The camera is a powerful tool – to not only capture photos, but also in its ability to connect, whether it’s between the subject and the photographer or the subject and the viewer. How strong a connection depends on how the camera is being used. If the photographer interacts and becomes a participant in an event, usually the connection will be much stronger. Likewise, and in contrary, if the photographer stands back and becomes an observer, clearly the connection between the subject and the photographer will diminish, if not cease completely – as will the connection between the subject and the viewer.
The latter doesn’t mean that such pictures are necessarily less strong or less captivating, but they play on different strings. Instead of cuing in on a connection, we become fascinated by a fly-on-the-wall look at an event, and we take in more of the whole scenery – not only the main subject. The unobtrusively captured photo can depict events or moments that not necessarily relate, but by being rendered next to each other in time and space, makes a contextual connection instead. The late and renowned Henri Cartier-Bresson was a master observer at such.
Obviously, there is a big difference between being part of the action, and just being a witness to the action. I am very much a participating photographer, but every so often, I enjoy the role of the observer. Personally, I believe it’s easier to make stronger images by connecting to people I photograph – by the inherent connection being established between me and whoever I photograph. However, one way is not better than the other. Whichever way you choose, though, has practical, aesthetical, moral and even legal implications – at least when photographing people.
As an observer, you do not generally interfere with the course of events. On the other hand, if you are a participant rather than an observer then by taking photographs, you are directly interfering with the event. From a photographic point of view, it means that the images you get may be more powerful, but not necessarily as genuine because the subjects are aware of the camera and will almost certainly change their behaviour accordingly, which again changes the image and changes the course of events because the subjects change the way they act around the camera. As an observing photographer, you will capture the natural reactions of your subjects – but at the expense of involvement for the viewing audience.
There are times when participating in the event is not the right approach. Think photojournalism. By participating you change the event – and that might be, at least in certain situations, completely wrong. I have covered marches and protests, which went by quietly and peacefully, that is until a bunch of photographer started to mingle with the protesters. Suddenly the animosity rose and the protest turned much more aggressive, all for the sake of the photographers. Or, even worse, in hostage situations, when hostages are being killed for the benefit of the photographer. Absolutely unacceptable, of course.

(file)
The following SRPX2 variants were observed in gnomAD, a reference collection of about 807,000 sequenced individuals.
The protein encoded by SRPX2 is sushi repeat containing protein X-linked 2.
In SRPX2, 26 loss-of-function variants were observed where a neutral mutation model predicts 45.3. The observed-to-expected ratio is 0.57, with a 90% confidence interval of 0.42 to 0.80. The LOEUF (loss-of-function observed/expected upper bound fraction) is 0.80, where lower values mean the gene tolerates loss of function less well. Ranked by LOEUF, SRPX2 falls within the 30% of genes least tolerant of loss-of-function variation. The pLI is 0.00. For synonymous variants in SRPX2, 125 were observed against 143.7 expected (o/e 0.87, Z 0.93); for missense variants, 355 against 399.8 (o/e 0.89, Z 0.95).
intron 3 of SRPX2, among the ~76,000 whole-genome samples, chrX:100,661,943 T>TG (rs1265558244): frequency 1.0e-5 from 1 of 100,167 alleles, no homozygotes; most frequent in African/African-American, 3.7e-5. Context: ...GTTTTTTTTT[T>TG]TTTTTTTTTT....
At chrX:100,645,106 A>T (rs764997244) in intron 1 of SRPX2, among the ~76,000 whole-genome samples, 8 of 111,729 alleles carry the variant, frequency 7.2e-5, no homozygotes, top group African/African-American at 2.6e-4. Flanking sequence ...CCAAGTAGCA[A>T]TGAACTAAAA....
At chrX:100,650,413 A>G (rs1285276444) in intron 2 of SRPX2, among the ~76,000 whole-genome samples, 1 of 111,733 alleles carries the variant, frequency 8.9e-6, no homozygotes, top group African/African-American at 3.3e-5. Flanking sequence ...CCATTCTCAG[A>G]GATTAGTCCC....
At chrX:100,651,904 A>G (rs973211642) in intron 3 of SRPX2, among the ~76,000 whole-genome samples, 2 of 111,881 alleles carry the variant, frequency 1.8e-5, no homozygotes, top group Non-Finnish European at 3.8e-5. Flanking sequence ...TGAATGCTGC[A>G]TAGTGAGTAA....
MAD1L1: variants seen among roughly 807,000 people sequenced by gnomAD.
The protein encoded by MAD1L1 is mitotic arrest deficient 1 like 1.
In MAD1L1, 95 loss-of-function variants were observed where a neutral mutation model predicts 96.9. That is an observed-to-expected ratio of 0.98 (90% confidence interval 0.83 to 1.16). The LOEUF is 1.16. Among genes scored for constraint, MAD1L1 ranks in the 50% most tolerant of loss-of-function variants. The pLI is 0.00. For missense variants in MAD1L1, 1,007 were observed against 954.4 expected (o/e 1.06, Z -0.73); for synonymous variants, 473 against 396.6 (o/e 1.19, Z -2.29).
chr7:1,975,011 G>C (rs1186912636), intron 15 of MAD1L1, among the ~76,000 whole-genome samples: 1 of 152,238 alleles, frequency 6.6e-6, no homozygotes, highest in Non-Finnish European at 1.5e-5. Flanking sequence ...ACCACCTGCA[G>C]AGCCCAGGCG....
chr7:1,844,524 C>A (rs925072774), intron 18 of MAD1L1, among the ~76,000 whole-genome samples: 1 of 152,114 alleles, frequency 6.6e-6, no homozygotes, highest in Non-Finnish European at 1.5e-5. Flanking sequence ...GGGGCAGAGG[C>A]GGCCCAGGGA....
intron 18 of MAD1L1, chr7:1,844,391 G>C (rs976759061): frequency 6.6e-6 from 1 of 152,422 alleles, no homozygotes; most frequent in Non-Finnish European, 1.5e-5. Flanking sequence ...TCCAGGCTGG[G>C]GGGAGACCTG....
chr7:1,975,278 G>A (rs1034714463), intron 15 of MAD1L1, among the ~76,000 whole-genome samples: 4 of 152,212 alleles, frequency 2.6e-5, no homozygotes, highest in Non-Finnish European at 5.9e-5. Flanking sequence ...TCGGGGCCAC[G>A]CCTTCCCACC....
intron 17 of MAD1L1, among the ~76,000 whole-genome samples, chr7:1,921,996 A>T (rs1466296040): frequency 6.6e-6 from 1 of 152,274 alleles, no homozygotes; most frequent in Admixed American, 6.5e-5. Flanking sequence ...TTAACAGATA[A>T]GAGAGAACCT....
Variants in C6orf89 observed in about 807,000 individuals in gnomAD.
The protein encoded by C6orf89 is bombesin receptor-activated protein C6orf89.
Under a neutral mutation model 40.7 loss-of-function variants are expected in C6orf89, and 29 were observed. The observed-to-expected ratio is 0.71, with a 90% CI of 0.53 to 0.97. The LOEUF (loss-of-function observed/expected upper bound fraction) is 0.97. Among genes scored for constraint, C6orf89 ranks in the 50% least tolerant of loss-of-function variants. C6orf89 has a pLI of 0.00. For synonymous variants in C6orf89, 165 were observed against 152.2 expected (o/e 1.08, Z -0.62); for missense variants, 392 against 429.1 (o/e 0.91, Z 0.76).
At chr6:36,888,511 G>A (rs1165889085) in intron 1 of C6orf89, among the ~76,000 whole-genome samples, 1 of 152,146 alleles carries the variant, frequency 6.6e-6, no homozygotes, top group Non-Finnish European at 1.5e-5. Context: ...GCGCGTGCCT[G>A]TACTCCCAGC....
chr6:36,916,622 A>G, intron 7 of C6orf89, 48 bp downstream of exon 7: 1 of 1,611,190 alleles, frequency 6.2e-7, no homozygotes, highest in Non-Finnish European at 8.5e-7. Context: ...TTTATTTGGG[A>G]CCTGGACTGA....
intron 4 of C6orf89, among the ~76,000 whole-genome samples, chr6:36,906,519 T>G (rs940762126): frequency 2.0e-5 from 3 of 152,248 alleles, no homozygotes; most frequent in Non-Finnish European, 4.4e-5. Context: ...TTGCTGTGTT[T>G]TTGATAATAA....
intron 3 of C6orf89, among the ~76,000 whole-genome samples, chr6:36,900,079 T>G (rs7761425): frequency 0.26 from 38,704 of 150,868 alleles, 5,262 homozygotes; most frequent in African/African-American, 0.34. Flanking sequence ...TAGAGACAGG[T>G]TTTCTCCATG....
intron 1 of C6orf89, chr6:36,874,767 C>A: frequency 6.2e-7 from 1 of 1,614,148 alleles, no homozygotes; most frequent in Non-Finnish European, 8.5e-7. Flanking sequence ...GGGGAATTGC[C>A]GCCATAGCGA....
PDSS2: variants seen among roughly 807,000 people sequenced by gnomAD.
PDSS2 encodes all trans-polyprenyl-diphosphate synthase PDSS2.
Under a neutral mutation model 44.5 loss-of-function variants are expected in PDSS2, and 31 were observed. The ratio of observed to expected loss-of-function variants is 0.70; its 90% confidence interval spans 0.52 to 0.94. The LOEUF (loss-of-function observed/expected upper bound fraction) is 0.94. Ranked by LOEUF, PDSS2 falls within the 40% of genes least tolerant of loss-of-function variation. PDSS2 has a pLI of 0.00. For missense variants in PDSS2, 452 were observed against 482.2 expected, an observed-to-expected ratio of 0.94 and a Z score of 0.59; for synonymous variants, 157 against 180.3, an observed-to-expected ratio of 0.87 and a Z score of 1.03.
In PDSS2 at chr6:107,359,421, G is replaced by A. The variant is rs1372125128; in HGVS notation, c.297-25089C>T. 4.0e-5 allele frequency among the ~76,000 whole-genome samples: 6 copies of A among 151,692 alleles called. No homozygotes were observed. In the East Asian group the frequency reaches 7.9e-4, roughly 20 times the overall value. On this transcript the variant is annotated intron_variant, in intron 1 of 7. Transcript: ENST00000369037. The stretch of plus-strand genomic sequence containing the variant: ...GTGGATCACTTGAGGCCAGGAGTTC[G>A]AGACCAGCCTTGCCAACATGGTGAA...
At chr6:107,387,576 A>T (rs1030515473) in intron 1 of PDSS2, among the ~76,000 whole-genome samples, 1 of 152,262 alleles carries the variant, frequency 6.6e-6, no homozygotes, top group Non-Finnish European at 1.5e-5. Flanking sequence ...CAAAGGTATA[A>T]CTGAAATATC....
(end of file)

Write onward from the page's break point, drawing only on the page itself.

Likewise, there are times when you should not be a passive observer. In intimate social situations, for example, hiding behind your camera would just come across as awkward, antisocial and downright rude. Portraiture is another example. People naturally connect and express emotions more easily when there is another human on the receiving end. Moreover, of course, there is always the discussion about whether or not to photograph people on the street without their knowing and consent.
More so than other genres, people photography is fraught with concerns of morality. These concerns usually stem from the basic right to look and to be looked at. Is it right to photograph people without their knowledge? How should you behave when taking someone’s photograph? Where do you draw the line between private and public? Some of these boundaries are defined by law, others by you. When photographing people, always be very aware of the moral implications of your practise, if for no better reason than to defend yourself, and you pictures, if necessary.
I often go for a compromise between observing and participating. I engage with people that I want to take photographs of. But then I keep at it, and wait for the moment when people don’t longer notice me. They are still aware of me, but more and more I become an observer. People relax and I get to capture the candid moments.